Scottish jobs after Brexit

14 October 2016
What was claimed

If the UK leaves the EU single market and relies only on its membership of the World Trade Organisation, there would be 80,000 jobs lost in Scotland.

Our verdict

The numbers aren’t certain, but a forecast for the Scottish government suggests that in 10 years there would be 80,000 fewer jobs in Scotland if the UK leaves the single market, compared to the number there would be if it stays in the EU. The report expects every scenario outside the EU to mean fewer jobs.

“But the fact is, if it is a hard Brexit, if we go out with the single market with no provisions in place for the trade, then we will lose jobs... However, the Scottish Parliament had a forecast produced that out with the single market, there would be 80,000 jobs lost in Scotland.”

Alex Salmond, 13 October 2016

Most economists agree that leaving the EU’s single market would see fewer jobs created and some lost. But there’s no definitive answer for how many.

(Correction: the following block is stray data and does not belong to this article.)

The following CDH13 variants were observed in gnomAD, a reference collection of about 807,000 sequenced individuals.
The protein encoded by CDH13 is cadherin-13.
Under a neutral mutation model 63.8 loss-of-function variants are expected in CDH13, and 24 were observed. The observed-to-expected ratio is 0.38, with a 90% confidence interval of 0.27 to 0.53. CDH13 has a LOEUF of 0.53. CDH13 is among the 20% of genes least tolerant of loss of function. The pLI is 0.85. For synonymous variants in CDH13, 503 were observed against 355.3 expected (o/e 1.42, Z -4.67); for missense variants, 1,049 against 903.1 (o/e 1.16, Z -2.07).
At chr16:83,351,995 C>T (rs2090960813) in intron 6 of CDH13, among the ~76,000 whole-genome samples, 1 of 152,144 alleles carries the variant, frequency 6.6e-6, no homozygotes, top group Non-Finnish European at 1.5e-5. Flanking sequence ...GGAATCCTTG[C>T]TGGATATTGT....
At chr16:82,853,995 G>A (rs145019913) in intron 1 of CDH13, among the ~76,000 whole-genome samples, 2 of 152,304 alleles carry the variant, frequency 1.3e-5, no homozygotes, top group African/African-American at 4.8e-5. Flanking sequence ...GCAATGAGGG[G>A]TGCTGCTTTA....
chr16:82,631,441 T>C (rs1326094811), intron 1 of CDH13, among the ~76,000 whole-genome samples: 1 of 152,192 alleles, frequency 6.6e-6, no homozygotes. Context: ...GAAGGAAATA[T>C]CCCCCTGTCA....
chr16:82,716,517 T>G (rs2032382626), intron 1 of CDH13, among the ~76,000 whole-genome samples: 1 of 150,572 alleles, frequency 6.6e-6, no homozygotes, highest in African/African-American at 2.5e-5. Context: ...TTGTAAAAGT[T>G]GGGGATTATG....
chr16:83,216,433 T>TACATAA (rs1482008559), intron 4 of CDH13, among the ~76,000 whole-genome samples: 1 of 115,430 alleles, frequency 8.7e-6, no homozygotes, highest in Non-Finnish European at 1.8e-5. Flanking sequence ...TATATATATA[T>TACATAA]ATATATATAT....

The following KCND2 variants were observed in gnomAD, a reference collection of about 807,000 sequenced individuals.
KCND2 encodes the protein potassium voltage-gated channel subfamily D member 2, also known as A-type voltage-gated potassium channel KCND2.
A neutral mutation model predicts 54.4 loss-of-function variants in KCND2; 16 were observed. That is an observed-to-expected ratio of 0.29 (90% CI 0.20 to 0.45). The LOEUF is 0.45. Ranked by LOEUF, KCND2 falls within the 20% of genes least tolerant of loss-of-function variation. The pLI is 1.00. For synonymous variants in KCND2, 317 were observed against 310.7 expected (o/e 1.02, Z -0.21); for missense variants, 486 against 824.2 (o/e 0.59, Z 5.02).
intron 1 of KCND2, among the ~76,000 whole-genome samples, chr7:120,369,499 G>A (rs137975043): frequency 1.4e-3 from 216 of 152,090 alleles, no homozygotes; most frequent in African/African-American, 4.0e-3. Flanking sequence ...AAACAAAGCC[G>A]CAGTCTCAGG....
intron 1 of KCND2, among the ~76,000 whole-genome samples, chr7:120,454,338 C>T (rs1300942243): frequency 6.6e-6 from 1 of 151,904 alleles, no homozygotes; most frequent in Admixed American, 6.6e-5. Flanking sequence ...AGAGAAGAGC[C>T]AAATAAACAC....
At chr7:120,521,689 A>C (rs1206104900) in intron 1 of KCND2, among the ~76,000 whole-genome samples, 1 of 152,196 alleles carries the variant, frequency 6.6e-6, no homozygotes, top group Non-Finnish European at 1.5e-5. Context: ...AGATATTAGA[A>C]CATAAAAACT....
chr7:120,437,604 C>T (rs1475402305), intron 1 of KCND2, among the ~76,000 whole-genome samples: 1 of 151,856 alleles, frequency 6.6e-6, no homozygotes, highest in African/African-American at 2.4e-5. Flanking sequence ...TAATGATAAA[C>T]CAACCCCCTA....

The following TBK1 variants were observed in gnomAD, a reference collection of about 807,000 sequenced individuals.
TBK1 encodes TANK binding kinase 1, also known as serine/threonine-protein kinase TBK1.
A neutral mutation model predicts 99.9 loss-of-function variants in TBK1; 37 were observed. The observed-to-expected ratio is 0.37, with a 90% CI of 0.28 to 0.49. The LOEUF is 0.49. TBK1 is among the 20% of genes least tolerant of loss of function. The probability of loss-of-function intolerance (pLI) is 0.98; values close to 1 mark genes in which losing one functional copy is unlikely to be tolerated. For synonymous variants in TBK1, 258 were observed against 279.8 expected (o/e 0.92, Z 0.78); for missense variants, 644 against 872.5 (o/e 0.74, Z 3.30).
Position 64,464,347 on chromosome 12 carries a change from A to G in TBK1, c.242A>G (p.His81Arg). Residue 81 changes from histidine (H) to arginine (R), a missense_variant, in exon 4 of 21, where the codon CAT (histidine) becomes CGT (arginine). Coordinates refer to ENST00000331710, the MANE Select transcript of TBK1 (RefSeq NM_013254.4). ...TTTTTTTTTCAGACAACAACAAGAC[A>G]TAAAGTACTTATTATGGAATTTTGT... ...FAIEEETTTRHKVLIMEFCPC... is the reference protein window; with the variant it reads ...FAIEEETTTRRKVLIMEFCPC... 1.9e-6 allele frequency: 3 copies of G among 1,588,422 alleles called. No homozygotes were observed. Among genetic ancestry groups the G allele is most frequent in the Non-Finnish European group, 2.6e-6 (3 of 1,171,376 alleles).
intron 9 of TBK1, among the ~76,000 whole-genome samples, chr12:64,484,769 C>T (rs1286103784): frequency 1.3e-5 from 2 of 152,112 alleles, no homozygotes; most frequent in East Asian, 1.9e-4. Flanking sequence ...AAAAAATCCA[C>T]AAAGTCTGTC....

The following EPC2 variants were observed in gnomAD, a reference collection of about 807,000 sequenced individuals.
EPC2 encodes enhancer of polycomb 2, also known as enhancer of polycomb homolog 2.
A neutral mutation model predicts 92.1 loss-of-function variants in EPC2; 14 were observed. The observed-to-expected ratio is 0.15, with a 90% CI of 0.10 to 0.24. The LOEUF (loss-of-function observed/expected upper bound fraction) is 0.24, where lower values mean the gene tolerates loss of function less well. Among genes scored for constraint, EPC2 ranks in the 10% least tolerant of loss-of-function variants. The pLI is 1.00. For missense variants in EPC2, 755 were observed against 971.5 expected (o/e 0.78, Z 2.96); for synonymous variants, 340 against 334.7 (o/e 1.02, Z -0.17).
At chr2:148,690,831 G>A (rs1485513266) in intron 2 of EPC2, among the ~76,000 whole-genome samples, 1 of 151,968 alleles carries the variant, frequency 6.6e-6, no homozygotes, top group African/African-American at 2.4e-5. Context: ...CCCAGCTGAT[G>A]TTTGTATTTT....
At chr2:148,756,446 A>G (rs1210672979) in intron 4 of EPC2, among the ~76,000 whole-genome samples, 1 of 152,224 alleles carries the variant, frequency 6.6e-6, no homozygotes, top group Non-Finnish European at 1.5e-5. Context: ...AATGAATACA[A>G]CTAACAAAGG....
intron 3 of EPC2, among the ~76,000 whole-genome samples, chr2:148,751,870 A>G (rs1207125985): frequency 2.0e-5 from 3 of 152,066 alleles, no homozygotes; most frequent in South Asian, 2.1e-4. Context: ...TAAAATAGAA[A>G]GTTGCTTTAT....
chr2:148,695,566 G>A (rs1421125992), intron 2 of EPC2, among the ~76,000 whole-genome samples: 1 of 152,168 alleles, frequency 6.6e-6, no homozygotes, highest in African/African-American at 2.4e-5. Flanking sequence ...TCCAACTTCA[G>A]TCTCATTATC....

One set of forecasts for the Scottish parliament estimated that after ten years, there would be 80,000 fewer jobs in Scotland if the UK left the single market than if it remained in the EU. This assumes that the UK relies only on its membership of the World Trade Organisation to trade and doesn’t strike any new deals.

But watch out. The figure for 80,000 fewer people in employment doesn’t tell us how many individual people are expected to lose their jobs.

It’s a comparison between the number of jobs the report expects in two different worlds, ten years in the future. In one imagined world, the UK stays in the EU; in another possible world, the UK leaves the single market and doesn’t agree any trade deals.

The report expects that every Brexit scenario would mean fewer jobs than EU membership.

In the report’s most optimistic scenario, the UK joins the European Economic Area and only 30,000 fewer jobs exist. Again, the implication is that 30,000 fewer jobs would exist than would have done otherwise, not that 30,000 people would lose their jobs because of Brexit.

Of course, this is only a forecast. You can’t factcheck the future.



This article was updated shortly after it was published to reflect a response from the Fraser of Allander Institute.

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